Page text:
- Cross RC lists ‘Sound and Light System’ as not included, but the AT4 does include nice little lights for front and rear. These are powered directly by a spare channel on your receiver. You will need your own sound system if you desire that, but the lights it comes with are definitely adequate!
Both axles lock and unlock simultaneously. The TRX-4 allows independent front and rear locking of your differentials. This sounds like a good thing, and on my TRX4 vehicles, I do make use of it. I’ll often unlock just the rear while I’m trying to crawl up an obstacle, if I need to pull the nose around with the front wheels. The idea is that one of the two rear wheels would be unloaded enough that it could just sit and spin. This allows the front wheels to draw the vehicle onto the line you want. However, this can still be achieved with front and rear unlocked at the same time. It just needs slightly more careful tire placement on the front to get there.
With a little hand-craft or 3D design and printing, one could set this vehicle up to have independent control of each end. However, I’d argue that is unnecessary for this vehicle. It’s quite capable in the default configuration.
Wheels, Tires and Foams
The Cross RC EMO AT4 has the Traxxas TRX-4 soundly beaten in the wheel department. The Canyon Trail tires that Traxxas crawlers ship with are excellent see our tire test video series for more). While the Blackrock rubber on the Cross RC is also excellent, I’d concede they’re probably a draw on that.
But those wheels, wow! Traxxas ships with plastic wheels that require glue for the tires to work. Those wheels weigh about 25g. None of these things are good where the Traxxas is concerned.
The AT4, on the other hand, ships with weighted, metal beadlock wheels. They weigh 177g each (!) and clamp onto the tires with no glue needed. Everything you just read about them is what people pay good money for when modifying their vehicles with after-market parts. That Cross RC includes such a luxury feature is incredibly good value. It’s so good that it may be a decider for potential buyers considering ‘TRX-4 vs AT4’. It’s a big deal.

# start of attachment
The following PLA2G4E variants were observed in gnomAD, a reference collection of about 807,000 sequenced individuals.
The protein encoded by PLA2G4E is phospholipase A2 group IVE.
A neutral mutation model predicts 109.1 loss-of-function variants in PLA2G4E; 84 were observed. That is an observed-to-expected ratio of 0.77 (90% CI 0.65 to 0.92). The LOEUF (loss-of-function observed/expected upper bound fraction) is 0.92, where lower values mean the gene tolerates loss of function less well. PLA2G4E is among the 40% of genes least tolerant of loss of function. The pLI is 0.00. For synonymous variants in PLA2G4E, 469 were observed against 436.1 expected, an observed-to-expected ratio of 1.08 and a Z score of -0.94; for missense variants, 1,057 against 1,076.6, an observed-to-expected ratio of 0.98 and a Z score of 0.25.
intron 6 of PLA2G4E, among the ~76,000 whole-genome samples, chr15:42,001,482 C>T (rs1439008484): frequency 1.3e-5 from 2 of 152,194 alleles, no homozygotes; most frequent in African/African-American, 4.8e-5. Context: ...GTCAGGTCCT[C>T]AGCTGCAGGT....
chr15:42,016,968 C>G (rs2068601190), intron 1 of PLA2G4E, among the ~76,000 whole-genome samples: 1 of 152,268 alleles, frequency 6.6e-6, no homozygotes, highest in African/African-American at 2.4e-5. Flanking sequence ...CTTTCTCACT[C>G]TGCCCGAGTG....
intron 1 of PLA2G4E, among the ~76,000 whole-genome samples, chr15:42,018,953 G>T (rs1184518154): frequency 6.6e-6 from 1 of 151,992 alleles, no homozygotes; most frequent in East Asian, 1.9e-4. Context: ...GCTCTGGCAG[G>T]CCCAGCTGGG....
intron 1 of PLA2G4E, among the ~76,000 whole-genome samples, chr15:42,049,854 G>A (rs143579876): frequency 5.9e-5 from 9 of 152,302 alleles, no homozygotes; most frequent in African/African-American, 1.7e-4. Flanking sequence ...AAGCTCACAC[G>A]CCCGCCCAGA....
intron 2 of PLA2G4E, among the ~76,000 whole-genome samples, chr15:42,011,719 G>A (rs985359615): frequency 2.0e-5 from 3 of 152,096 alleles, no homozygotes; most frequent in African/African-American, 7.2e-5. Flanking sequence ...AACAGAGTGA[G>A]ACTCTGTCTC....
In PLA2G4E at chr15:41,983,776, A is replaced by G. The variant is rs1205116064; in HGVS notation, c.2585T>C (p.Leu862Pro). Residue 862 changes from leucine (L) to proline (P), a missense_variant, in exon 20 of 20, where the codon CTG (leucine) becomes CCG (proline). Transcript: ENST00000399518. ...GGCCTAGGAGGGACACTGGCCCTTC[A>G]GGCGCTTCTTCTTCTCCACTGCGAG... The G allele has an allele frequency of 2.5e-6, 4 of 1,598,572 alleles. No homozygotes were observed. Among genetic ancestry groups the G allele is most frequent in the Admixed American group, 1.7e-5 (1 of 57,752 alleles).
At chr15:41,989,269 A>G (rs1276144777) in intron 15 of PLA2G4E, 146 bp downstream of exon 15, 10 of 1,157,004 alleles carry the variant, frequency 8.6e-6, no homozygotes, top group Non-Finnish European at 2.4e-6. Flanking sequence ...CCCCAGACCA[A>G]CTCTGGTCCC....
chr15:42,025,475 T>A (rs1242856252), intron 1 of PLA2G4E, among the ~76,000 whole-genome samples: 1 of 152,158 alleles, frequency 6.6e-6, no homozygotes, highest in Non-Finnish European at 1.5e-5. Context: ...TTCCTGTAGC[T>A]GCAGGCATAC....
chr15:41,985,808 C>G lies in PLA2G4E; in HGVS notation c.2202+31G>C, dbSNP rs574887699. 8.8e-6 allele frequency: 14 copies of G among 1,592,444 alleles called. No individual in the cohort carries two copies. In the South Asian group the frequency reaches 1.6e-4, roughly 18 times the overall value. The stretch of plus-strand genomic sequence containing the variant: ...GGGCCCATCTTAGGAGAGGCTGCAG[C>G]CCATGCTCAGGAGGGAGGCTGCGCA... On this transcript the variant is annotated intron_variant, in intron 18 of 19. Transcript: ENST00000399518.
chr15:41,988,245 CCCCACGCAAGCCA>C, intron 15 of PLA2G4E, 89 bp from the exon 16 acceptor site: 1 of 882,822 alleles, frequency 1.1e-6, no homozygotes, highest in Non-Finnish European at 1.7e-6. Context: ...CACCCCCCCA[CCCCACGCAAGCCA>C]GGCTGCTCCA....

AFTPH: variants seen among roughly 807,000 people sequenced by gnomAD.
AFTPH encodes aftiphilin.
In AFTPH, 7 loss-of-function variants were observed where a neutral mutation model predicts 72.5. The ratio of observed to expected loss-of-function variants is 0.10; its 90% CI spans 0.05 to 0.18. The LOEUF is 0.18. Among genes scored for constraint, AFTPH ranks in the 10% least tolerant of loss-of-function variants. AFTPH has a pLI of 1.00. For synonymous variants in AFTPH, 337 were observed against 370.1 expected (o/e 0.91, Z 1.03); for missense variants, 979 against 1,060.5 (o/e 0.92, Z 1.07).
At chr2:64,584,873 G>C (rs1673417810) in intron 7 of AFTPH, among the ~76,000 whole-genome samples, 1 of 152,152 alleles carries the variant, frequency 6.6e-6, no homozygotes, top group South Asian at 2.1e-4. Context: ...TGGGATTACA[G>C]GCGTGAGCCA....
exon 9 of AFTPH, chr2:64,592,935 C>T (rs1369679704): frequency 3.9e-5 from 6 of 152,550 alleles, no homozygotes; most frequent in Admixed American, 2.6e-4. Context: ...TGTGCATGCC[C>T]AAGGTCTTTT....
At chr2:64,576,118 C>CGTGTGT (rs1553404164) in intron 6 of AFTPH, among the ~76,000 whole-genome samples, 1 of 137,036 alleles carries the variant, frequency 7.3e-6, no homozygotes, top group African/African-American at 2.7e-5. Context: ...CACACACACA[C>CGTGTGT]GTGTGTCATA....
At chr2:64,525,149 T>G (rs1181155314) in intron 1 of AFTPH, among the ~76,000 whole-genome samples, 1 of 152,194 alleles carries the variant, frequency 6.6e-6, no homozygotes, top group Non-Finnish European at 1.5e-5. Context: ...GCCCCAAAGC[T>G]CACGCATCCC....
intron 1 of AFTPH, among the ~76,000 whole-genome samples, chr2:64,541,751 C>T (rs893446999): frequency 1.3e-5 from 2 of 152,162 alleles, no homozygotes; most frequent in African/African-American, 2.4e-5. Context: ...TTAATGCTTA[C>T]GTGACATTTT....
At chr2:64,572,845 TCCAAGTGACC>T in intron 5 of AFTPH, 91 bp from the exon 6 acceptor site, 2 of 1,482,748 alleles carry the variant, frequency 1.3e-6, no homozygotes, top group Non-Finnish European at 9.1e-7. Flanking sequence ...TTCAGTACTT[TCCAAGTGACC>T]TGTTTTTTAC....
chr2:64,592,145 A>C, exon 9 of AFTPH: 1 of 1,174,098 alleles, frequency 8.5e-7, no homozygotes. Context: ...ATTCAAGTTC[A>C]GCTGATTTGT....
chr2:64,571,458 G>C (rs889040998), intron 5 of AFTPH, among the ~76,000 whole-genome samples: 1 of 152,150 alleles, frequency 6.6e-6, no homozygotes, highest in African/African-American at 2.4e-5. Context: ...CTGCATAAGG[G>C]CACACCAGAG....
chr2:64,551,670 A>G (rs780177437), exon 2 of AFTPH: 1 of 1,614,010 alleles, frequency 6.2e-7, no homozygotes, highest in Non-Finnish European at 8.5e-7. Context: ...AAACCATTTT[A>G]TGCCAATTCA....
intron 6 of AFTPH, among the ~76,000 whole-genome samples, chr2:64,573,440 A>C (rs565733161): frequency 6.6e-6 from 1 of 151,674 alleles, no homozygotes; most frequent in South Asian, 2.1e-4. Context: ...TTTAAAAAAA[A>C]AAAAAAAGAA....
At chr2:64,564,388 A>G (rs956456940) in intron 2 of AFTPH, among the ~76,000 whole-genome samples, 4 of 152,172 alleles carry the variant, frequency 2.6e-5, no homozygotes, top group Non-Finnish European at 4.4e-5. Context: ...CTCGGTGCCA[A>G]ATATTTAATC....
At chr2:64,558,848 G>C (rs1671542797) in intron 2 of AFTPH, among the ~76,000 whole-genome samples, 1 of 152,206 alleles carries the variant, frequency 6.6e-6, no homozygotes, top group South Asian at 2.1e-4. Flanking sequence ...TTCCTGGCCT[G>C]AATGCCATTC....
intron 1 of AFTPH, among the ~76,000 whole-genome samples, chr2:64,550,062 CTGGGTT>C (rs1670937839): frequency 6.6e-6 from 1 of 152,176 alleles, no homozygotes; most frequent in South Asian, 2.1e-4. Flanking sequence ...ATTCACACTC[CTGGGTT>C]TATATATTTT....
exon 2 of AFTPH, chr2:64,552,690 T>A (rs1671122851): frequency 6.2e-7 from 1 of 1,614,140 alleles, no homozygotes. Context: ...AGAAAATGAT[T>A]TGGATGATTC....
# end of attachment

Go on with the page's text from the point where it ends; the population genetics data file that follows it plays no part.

Cross RC EMO AT4 Transmission
Mated to the transmission from factory is a non-rebuildable, 35-turn 540 motor. Whilst I typically would stick a 40 or 45-turn 540 in a crawler of this size, I left the stock Cross RC unit in. My thinking was that the manufacturer has tested and knows best. When I burn this motor out eventually, I will still use a 40t rather than another 35t, but we’re splitting hairs. The 35t is a good choice and suits the truck just fine.
The transmission shifts smoothly. There’s a good gap in the ratios between first and second gears. This means you get nice and slow crawling in first and a moderate jogging pace for second. You won’t be getting any epic air in second gear with this crawler, but that’s okay because, y’know, it’s a crawler. I like this transmission, I like the transfer case and I like the motor.
Cross RC EMO AT4 Suspension
The shock bodies are aluminium and well made. There are numerous o-rings throughout the construction of the shafts and I filled them with 40wt. silicone oil, which was perfect. You could really run anything from 25wt. to 50wt. and I expect it’d be fine.
There are a few mounting points on the upper shock mounts, but only the one on the axles (which is normal for most crawlers). The default position is optimal, I think, unless you’re using a different body and therefore may have different needs. Keep it to factory spec for good results if you build one yourself.